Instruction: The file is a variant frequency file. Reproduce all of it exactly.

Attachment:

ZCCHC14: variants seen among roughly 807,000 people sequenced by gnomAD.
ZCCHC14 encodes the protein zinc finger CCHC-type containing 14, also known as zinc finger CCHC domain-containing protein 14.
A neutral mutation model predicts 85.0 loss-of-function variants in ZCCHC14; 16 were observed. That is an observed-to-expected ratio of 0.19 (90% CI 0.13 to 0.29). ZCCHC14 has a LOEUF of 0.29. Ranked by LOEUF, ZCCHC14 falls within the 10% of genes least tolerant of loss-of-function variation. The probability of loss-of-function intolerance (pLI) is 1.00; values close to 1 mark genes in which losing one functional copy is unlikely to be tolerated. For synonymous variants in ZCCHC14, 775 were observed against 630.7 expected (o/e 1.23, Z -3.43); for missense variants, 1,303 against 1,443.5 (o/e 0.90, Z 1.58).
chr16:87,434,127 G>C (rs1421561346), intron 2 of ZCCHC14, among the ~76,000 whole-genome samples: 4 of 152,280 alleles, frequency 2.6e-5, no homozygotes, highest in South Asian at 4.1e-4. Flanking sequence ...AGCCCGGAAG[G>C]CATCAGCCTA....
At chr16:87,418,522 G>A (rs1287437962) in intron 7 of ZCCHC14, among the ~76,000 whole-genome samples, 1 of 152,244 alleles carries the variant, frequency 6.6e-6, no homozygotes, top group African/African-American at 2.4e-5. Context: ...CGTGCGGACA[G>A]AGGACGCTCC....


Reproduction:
ZCCHC14: variants seen among roughly 807,000 people sequenced by gnomAD.
ZCCHC14 encodes the protein zinc finger CCHC-type containing 14, also known as zinc finger CCHC domain-containing protein 14.
A neutral mutation model predicts 85.0 loss-of-function variants in ZCCHC14; 16 were observed. That is an observed-to-expected ratio of 0.19 (90% CI 0.13 to 0.29). ZCCHC14 has a LOEUF of 0.29. Ranked by LOEUF, ZCCHC14 falls within the 10% of genes least tolerant of loss-of-function variation. The probability of loss-of-function intolerance (pLI) is 1.00; values close to 1 mark genes in which losing one functional copy is unlikely to be tolerated. For synonymous variants in ZCCHC14, 775 were observed against 630.7 expected (o/e 1.23, Z -3.43); for missense variants, 1,303 against 1,443.5 (o/e 0.90, Z 1.58).
chr16:87,434,127 G>C (rs1421561346), intron 2 of ZCCHC14, among the ~76,000 whole-genome samples: 4 of 152,280 alleles, frequency 2.6e-5, no homozygotes, highest in South Asian at 4.1e-4. Flanking sequence ...AGCCCGGAAG[G>C]CATCAGCCTA....
At chr16:87,418,522 G>A (rs1287437962) in intron 7 of ZCCHC14, among the ~76,000 whole-genome samples, 1 of 152,244 alleles carries the variant, frequency 6.6e-6, no homozygotes, top group African/African-American at 2.4e-5. Context: ...CGTGCGGACA[G>A]AGGACGCTCC....